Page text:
One half of my favorite child star twins, Tamera Mowry-Housely (Sister Sister), sat down with Angela Burt Murray’s (former EIC of ESSENCE) new site CocoaFab.com to talk marriage and mommyhood. Tamera’s a gorgeous positive image on cable television amiss the drink throwing that dominates reality TV. She and her sister Tia snagged seemingly loving husbands in an industry that relies on superficiality all while maintaining careers. Everything about the girls who used to yell “ROGERRRRR!” reeks Supercalifragilisticexpialidocious happy all the time. So her roadmap for women who eventually want to be wives and moms had to be harmless, right? Oh so wrong. Tamera prefaced her advice with a Nicotine like warning for what was to follow.
“I’m very traditional. I’m old school and that’s just how I am. It’s in my DNA. I had to get to the point where I just had to embrace carrying the torch for the traditional girls out there. I love representing the traditional black woman.”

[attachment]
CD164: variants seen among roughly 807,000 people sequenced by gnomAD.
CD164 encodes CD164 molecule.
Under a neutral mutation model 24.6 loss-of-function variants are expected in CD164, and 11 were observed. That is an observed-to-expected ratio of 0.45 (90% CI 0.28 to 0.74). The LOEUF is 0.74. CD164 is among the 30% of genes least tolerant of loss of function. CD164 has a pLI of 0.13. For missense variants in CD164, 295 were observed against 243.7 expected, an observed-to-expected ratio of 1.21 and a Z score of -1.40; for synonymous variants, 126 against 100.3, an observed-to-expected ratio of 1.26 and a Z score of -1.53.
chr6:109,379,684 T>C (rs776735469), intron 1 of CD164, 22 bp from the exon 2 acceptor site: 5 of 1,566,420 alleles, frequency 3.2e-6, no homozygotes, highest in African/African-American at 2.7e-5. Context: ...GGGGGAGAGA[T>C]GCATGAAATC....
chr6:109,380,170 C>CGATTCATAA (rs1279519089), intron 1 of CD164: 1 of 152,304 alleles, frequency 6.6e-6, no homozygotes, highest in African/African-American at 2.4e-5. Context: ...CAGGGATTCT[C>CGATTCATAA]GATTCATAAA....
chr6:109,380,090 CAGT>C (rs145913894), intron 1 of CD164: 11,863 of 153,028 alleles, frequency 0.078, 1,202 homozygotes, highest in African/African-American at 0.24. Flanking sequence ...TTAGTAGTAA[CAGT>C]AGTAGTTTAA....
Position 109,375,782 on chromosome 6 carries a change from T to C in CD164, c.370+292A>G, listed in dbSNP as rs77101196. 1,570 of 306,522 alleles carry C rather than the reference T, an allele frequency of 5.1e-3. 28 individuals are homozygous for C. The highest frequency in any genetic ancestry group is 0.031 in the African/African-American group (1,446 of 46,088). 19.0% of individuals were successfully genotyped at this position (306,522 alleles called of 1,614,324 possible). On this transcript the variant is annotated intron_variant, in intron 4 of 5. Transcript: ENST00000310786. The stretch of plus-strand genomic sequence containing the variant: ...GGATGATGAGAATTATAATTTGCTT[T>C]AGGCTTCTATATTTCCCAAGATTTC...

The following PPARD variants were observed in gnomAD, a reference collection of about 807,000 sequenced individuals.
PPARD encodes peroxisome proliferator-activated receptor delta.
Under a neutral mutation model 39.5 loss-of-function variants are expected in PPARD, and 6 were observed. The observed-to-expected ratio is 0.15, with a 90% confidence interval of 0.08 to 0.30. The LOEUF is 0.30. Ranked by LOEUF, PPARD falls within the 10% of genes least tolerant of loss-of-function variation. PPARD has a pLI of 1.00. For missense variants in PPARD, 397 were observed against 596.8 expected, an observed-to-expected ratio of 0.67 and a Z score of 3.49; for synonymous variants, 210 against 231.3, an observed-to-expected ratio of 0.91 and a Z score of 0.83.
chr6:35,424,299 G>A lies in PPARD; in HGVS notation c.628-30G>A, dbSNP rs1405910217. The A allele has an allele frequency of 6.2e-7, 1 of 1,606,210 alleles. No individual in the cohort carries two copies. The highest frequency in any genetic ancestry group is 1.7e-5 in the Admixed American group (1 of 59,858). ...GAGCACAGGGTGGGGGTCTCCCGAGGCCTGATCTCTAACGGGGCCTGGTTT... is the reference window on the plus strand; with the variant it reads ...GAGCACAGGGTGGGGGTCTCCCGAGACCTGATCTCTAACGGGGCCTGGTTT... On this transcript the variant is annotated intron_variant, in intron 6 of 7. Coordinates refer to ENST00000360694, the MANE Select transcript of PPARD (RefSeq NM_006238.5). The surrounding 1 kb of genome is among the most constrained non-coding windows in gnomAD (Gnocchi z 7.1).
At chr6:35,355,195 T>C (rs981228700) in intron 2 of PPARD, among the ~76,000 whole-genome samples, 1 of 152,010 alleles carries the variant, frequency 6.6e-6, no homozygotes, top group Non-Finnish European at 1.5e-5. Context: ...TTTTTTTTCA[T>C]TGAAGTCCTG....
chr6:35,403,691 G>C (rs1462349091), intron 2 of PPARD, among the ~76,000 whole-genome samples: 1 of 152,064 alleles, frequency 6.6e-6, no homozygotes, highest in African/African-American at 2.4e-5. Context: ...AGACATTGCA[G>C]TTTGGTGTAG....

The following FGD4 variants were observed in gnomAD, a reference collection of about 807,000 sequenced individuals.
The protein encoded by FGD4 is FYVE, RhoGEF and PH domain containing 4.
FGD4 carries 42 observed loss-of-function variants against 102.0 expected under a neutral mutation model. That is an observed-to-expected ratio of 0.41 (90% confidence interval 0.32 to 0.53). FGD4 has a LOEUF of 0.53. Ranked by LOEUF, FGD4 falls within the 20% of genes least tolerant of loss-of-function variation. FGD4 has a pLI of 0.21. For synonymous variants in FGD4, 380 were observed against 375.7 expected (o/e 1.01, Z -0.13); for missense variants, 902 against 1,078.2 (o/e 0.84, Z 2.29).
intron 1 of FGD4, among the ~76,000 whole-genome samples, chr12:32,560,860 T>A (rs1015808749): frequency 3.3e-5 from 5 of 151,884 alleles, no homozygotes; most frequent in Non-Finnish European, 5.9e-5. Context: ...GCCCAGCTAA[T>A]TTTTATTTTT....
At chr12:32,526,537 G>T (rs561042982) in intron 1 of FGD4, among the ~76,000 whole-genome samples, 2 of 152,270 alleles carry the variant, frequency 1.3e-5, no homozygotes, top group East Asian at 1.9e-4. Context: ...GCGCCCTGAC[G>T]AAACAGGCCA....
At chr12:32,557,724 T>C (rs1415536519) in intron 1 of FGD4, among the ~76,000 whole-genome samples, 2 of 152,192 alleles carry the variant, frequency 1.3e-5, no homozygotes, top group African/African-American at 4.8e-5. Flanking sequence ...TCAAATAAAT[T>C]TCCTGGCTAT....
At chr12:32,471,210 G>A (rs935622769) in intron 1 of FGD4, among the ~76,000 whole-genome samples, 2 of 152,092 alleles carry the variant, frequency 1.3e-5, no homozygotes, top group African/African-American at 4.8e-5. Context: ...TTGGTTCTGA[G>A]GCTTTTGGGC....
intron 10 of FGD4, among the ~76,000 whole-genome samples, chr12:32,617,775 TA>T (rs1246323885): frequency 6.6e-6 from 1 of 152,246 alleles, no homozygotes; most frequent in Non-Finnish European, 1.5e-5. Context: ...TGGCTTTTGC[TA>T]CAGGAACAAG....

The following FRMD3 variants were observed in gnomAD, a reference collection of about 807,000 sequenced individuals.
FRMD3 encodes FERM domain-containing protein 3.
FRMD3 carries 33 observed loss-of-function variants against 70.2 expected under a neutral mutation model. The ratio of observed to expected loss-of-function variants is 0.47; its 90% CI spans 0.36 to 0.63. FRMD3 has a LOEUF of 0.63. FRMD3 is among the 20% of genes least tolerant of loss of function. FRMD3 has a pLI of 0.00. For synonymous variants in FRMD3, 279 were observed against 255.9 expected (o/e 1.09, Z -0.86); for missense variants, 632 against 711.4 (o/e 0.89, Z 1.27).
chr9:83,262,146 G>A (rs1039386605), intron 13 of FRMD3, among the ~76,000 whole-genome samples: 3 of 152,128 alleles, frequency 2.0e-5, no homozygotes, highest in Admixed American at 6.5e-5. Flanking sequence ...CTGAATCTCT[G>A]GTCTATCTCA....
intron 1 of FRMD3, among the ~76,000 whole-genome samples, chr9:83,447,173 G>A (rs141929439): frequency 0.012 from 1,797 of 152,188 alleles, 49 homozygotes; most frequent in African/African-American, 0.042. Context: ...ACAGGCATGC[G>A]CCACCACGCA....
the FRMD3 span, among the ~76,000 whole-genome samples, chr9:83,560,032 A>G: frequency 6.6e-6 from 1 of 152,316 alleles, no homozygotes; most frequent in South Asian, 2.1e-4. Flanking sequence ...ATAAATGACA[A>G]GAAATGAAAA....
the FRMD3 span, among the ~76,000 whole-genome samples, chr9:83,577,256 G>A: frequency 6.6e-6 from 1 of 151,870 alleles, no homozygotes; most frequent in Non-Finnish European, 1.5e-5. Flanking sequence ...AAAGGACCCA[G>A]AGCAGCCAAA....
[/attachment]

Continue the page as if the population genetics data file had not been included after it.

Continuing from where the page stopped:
Traditional? Cool. My awesomely feminist ass is traditional in the sense I enjoy chivalry, I want to feel protected (yes, my man walks on the side of the sidewalk closest to the street) and I’d like to be married before popping out any beautiful brown babies. Traditional! Tamera’s brand of traditional, however, is not something that I’d willingly get down with; and it has nothing to do with the virginity she lost at the age of 29. Bravo for her. Obviously the nuggets of